Suspension for Marijuana Use Boosts Peer Teen Drug Abuse According to Recent Study

Suspension for Marijuana Use Boosts Peer Teen Drug Abuse

A new study has shown that suspending a student for marijuana use may actually boost peer teen drug use rather than deterring it. When the student is suspended for using marijuana the use of this drug by classmates tends to increase. Instead of suspension counseling may be a more effective option. The study was performed by the University of Washington in partnership with researchers from Australia. Researchers discovered that the enforcement of anti drug policies is important, but the response that a school has to policy violations can make a big difference in the outcome and whether peers of the teen involved engage in marijuana use. In the study schools from Victoria, Australia and Washington, USA were compared concerning drug policies, and how these policies affected student marijuana use.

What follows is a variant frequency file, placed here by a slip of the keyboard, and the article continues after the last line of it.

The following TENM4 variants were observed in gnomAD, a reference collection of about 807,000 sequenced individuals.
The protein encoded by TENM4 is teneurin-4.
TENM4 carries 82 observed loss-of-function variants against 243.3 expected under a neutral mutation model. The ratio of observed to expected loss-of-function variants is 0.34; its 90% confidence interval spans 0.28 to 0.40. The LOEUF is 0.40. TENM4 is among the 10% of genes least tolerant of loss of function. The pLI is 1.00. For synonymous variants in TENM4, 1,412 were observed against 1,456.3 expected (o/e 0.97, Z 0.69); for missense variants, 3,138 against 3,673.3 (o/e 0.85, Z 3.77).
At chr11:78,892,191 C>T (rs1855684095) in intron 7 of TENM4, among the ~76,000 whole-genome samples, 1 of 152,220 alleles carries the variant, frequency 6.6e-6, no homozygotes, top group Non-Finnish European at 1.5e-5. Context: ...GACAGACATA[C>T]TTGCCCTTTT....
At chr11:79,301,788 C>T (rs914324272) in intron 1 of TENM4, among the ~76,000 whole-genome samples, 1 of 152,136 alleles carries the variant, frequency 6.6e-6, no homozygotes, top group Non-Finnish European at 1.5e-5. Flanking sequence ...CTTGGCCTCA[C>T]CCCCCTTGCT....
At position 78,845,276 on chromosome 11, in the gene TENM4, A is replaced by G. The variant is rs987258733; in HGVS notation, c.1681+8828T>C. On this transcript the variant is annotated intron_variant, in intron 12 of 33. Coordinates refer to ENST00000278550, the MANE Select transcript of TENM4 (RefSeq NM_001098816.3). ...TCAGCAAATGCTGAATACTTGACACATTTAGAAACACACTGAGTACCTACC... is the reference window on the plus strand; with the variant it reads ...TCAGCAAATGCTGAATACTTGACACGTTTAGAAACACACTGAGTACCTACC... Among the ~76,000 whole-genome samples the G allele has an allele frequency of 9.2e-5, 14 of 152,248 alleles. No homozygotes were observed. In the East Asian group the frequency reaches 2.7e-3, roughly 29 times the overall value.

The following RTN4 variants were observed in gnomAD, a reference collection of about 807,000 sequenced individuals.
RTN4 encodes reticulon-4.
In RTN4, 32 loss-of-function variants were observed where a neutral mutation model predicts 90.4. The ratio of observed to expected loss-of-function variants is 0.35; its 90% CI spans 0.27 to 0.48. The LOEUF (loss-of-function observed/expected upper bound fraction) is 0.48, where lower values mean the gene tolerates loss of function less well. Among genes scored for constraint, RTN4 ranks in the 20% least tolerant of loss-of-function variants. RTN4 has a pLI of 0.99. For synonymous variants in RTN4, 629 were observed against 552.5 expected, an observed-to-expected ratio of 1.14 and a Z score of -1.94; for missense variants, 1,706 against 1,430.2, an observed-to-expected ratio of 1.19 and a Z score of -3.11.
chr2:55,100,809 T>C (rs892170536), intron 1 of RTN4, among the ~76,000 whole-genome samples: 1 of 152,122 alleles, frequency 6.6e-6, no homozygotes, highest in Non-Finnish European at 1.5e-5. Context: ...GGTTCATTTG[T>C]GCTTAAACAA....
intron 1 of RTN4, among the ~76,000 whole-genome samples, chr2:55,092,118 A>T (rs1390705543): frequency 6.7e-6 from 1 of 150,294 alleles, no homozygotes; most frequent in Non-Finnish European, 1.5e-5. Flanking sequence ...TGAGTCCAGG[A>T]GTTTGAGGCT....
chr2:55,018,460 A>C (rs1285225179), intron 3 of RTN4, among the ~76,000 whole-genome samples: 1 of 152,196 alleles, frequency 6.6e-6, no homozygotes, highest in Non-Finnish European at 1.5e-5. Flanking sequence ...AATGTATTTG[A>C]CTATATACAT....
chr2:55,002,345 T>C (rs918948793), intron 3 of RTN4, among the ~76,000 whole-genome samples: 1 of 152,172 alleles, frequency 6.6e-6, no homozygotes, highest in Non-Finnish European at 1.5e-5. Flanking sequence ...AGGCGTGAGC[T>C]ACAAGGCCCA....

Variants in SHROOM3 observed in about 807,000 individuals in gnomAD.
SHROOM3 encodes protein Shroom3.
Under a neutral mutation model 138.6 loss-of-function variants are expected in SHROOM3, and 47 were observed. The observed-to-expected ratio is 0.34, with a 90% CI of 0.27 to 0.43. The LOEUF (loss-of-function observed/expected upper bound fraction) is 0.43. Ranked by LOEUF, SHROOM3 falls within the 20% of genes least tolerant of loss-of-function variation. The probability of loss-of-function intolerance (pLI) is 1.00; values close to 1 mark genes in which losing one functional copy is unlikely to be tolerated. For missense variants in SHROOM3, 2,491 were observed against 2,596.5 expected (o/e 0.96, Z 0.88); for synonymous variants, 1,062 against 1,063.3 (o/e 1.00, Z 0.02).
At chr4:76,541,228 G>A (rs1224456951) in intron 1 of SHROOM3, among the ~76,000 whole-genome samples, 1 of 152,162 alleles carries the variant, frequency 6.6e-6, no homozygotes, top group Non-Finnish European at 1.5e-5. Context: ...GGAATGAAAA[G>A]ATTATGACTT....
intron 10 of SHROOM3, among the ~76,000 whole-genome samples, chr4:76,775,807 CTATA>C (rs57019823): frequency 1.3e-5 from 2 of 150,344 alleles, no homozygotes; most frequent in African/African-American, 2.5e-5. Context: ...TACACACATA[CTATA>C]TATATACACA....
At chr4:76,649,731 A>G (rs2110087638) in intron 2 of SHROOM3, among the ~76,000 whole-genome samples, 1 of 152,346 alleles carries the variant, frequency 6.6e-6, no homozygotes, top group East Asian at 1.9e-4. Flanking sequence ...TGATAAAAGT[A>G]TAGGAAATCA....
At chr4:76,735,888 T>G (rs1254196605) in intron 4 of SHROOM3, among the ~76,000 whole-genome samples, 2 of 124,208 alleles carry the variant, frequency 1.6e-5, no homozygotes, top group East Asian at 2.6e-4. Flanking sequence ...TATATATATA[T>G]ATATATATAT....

Suspending a student for marijuana use can encourage teen drug abuse by peers of the student, because in the world of teenagers there are many who will view the suspension as a sign of rebellion and want to emulate the student who was suspended. Researchers were startled by the study results. According to University of Washington’s School of Social Work professor and co-author of the study Dr. Richard Catalano “That was surprising to us. It means that suspensions are certainly not having a deterrent effect. It’s just the opposite.” To reduce marijuana use among all students, we need to ensure that schools are using drug policies that respond to policy violations by educating or counseling students, not just penalizing them.” Schools that had policies in place for counseling referral instead of suspension saw the opposite effect, with peers 50% less likely to engage in marijuana use.

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